the diameter of the sidewall of the fire pot being less than the internal diameter of the cylindrical stove body thereby defining an annular space between the fire pot sidewall and the stove body;
air flow control means disposed at the upper portion of the annular space for controlling the rate of air flow from the annular space into the upper region of the stove body.
said fire pot being formed from cast iron, said stove being free of refractory materials.
said fire pot being formed in a single piece of unitary cast iron having imperforate side walls.
This invention relates to improvements in coal burning stoves intended for use in space heating applications. Although coal stoves have not been in wide use for many decades, recent difficulties in supply and costs of other fuels, such as oil and gas, has caused a renewed interest in space heating stoves. The present invention relates to improvements in coal-burning stoves which are intended to overcome a number of problems and disadvantages encountered with prior coal burning stoves. For example, one of the objectionable features of coal-burning stoves is that they tend to generate unpleasant fumes and gases particularly when starting a fresh fire or when adding coal to an already existing fire. It is believed that these fumes are the result of incomplete combustion which typically occurs before the fire has become hot enough to cause complete combustion. Typically, the noxious gases will be generated for fiteen to twenty minutes, during which time they may permeate the living space in which the stove is contained.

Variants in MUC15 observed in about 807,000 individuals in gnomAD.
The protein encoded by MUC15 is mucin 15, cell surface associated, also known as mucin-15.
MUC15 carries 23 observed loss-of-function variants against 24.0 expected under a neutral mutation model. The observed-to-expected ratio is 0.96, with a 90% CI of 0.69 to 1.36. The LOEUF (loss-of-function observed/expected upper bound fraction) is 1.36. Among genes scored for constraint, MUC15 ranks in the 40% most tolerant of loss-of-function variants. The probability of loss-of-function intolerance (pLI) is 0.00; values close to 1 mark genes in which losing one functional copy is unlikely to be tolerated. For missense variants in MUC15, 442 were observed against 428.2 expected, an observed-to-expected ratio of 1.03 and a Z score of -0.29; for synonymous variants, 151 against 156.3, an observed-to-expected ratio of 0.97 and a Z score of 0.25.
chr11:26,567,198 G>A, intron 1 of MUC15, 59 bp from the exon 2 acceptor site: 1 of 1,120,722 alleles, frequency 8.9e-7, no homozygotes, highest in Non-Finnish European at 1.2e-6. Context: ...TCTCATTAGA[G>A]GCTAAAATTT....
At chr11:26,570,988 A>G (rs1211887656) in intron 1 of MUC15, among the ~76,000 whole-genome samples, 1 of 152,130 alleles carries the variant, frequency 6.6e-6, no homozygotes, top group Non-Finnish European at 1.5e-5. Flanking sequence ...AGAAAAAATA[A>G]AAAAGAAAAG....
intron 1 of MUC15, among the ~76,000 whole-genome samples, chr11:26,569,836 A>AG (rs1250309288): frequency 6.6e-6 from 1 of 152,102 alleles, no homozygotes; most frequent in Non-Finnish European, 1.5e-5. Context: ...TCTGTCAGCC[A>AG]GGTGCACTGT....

Another difficulty presented with prior coal stoves is that they often do not burn coals completely. Frequently, nuggets or "klinkers" are left with the ashes, indicating incomplete combustion and wasted fuel. It is believed that this is in large measure the result of the design of the grate and fire pot of the stove as well as the manner in which it is mounted within the stove and the geometric relationship between these internal elements of the stove. Also among the features of prior coal stoves which are believed to have presented difficulties is that the grates were moveably mounted so that they could be shaken to permit ashes to fall through the holes in the grates. While this was intended to provide for better air flow through the coals, it is believed that it would cause klinkers to become stuck in the grates which would tend to block the grates and impede proper air flow through the coals rather than assist it. It is among the general objects of the present invention to provide an improved coal stove which minimizes the foregoing and other difficulties encountered with prior coal stoves.